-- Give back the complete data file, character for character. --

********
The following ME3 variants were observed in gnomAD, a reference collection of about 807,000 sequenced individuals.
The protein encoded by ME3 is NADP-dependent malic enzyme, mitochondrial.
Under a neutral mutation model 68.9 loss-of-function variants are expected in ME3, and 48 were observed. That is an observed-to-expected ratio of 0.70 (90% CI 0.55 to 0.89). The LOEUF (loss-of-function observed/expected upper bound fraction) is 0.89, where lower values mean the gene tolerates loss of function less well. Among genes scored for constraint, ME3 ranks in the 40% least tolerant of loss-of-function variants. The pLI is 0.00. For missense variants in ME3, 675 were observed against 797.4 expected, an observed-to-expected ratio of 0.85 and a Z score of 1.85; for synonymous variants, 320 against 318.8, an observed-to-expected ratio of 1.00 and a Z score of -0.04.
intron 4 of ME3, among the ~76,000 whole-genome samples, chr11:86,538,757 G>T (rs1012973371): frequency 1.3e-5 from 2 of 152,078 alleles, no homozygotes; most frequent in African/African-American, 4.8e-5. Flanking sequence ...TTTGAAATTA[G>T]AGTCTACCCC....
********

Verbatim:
The following ME3 variants were observed in gnomAD, a reference collection of about 807,000 sequenced individuals.
The protein encoded by ME3 is NADP-dependent malic enzyme, mitochondrial.
Under a neutral mutation model 68.9 loss-of-function variants are expected in ME3, and 48 were observed. That is an observed-to-expected ratio of 0.70 (90% CI 0.55 to 0.89). The LOEUF (loss-of-function observed/expected upper bound fraction) is 0.89, where lower values mean the gene tolerates loss of function less well. Among genes scored for constraint, ME3 ranks in the 40% least tolerant of loss-of-function variants. The pLI is 0.00. For missense variants in ME3, 675 were observed against 797.4 expected, an observed-to-expected ratio of 0.85 and a Z score of 1.85; for synonymous variants, 320 against 318.8, an observed-to-expected ratio of 1.00 and a Z score of -0.04.
intron 4 of ME3, among the ~76,000 whole-genome samples, chr11:86,538,757 G>T (rs1012973371): frequency 1.3e-5 from 2 of 152,078 alleles, no homozygotes; most frequent in African/African-American, 4.8e-5. Flanking sequence ...TTTGAAATTA[G>T]AGTCTACCCC....